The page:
Unless sitting alone, such as with unfair dismissal claims, an employment judge (a qualified lawyer) hears cases alongside two lay members, one with managerial or business experience and one with experience of representing employees.

Ordinarily, a prospective claimant must contact Acas to allow it to explore a settlement of the dispute.  This can last for up to one month, with a possible extension of a further two weeks.  If settlement is not reached, Acas will issue a certificate and the claimant can then complete and lodge a claim form (Form ET1) in the employment tribunal within a set timescale.  Once received, the employer has 28 days to respond (Form ET3) to the claim.  An Acas conciliation officer is assigned to the case and will promote a settlement.  If a settlement is reached, the claim will be finalised by the parties agreeing settlement terms within a COT3 agreement.

Initially, an employment judge will review the claim (ET1) and response (ET3) and have the power to strike out either if it has no reasonable prospect of success.

An employment judge will call a preliminary hearing to consider case management issues, any preliminary/jurisdictional points and/or the merits of the case.  The tribunal may rule that a claim is inadmissible, strike it out, or require the claimant to pay a deposit to continue if the prospects of success are not reasonable.

To get the case ready for a full hearing, the tribunal will usually direct either or both parties to take certain steps.  These can be to provide further particulars of the case, exchange relevant documents (or copies) with the other party, set out the financial relief claimed, and/or exchange written witness statements.  Failure to comply with an order can result in the case being struck out and/or the party being fined.

At the final hearing, the party under the burden of proof starts by giving evidence through relevant witnesses and supporting documentation, with the pre-exchanged statements being ‘taken as read’ (so that it does not actually have to be read out on the day).  Each witness is open to cross-examination by the other side and to questioning by the tribunal.  The same process applies when the other party in turn presents its case.  On completion of the evidence, each party makes a closing statement to the tribunal (the party under the burden of proof goes second).

The employment tribunal may give a decision on the day or later (a reserved decision).  It may be unanimous or by a majority.  It is always provided in writing, in either full/extended form (which is mandatory in discrimination cases) or in brief/summary form.

The remedy or award for a successful claimant can be considered at the conclusion of the final hearing (if the decision is given then) or at a separately scheduled hearing.  If an award of compensation is not paid within 14 days of the tribunal’s decision, the award attracts interest at the rate of 8% per annum.

Normally, win or lose, each party bears their own costs of bringing or defending a claim.  However, the employment tribunal has the discretion and in a few specified circumstances, the obligation to make a costs order (in favour of legally represented parties) or a preparation time order (in favour of parties who are not so represented).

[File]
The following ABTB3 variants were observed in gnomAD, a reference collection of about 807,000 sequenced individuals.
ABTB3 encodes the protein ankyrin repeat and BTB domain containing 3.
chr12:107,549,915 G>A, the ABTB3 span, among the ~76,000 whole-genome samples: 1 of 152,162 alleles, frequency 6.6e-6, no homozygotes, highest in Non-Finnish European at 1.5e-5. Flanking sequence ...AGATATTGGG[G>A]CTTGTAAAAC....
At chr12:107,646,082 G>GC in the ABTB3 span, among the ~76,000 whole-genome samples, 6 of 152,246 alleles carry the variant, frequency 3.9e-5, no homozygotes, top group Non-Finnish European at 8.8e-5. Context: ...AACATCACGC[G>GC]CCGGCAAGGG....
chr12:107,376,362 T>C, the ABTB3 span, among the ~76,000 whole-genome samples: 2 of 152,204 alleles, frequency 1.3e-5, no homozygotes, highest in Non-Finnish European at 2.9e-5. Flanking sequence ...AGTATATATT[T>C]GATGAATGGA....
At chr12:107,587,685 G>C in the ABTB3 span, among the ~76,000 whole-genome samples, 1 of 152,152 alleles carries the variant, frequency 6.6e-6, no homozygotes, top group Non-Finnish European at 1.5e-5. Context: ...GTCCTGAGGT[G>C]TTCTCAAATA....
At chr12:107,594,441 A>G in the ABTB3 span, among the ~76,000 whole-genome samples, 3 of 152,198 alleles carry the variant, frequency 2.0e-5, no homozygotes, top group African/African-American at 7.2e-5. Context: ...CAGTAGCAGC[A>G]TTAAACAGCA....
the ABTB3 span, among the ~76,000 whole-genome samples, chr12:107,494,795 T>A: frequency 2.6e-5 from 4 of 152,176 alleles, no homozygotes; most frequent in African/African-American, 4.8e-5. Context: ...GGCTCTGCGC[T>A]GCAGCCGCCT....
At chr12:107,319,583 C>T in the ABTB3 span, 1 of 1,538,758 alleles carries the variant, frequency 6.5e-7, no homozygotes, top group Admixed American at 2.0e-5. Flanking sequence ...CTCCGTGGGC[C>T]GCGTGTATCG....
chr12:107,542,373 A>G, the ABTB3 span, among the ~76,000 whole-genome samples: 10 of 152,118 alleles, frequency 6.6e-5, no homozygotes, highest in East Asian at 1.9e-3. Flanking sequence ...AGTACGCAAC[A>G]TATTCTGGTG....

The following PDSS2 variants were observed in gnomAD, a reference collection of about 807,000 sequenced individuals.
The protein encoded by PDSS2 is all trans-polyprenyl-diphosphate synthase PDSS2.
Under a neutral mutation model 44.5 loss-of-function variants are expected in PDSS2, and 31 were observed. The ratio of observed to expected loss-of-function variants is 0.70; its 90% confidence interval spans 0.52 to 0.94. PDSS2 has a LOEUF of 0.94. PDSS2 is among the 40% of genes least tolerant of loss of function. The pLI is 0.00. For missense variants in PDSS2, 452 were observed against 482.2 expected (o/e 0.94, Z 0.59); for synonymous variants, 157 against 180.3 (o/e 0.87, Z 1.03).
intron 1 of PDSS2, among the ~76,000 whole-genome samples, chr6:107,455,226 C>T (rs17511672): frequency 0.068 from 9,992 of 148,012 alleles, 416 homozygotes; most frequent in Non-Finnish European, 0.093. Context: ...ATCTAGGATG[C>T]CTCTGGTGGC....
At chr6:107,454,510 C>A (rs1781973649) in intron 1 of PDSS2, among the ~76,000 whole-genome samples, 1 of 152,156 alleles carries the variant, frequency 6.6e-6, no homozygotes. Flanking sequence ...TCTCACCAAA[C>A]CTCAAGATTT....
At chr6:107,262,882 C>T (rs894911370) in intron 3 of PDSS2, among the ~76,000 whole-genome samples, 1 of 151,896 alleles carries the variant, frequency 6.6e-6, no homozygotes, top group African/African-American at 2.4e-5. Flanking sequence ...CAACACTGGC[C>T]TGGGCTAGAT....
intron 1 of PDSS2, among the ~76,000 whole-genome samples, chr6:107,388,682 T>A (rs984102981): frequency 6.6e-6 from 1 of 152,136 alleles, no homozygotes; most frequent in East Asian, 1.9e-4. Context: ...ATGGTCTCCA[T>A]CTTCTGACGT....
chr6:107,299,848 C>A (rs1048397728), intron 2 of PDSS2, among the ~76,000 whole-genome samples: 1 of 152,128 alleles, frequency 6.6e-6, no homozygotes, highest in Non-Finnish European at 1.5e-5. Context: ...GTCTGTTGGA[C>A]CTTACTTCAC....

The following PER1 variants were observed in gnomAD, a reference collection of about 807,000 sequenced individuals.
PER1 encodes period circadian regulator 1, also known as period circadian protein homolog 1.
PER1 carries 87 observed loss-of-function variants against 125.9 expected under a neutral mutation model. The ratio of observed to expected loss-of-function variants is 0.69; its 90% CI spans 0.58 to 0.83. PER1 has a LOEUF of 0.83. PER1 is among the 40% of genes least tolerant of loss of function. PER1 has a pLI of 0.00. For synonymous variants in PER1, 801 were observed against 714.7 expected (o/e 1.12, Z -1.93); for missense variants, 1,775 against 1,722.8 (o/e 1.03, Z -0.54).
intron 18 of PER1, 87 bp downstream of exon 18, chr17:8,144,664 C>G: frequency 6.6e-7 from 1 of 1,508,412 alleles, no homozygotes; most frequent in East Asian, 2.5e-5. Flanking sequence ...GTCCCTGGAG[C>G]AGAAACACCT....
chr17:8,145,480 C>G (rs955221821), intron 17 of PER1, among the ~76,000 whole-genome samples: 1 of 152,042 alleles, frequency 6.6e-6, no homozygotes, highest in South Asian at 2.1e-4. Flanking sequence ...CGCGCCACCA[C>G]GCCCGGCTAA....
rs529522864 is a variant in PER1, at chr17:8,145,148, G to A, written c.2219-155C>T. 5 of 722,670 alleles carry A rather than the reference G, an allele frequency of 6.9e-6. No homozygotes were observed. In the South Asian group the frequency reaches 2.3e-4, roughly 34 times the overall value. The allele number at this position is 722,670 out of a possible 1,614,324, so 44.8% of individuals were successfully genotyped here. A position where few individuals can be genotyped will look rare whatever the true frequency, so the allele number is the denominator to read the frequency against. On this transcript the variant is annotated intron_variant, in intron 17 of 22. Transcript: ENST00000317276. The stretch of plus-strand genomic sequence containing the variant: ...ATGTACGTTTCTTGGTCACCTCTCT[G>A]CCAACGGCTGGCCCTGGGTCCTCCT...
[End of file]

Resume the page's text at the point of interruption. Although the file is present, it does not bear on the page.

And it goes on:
Where it considers there have been ‘aggravating features’ underlying a finding against an employer (such as deliberation, malice, the presence of a dedicated HR team, repeated breaches), and even if it makes no other financial award against that employer, an employment tribunal also has the power to impose a financial penalty.  This is of 50% of the financial award (if any), subject to a minimum of £100 and a maximum of £5,000.  Any such penalty will be discounted by 50% if it is paid within 21 days.

If an employment tribunal’s award (including any accrued interest) or costs order or any settlement sum is not paid in full after a period of 42 days or more from the date of the award, order or payment date specified under the agreement, the successful claimant may invoke a procedure to enforce payment.

An enforcement officer will issue to the offending employer a ‘warning notice’ containing a specified date, at least 28 days thereafter, by which the debt must be paid.  If it is not, a ‘penalty notice’ will follow, stipulating the payment of an amount equivalent to 50% of the unpaid amount (minimum £100, maximum £5,000).  If, within 14 days of the penalty notice, the employer both pays the unpaid amount (to the successful claimant) and the penalty (to the Secretary of State), the latter will be reduced by 50%.

The tribunal’s reconsideration of its decision ‘in the interests of justice’ may be requested, within 14 days of the written record of the decision being issued, by a party to proceedings or ordered by the tribunal itself.

Appeals against tribunal decisions can be made, on points of law only, to the Employment Appeal Tribunal. Subsequent appeals go upwards to the Court of Appeal (or, in Scotland, the Court of Session) and the Supreme Court.

Employment disputes that are based exclusively on the contract of employment (as opposed to rights created by employment legislation) are sometimes heard by the civil courts as an alternative or sometimes as a practical necessity.  For example, an employment tribunal can only hear claims for breach of contract if they are on termination of employment and can only award a maximum of £25,000.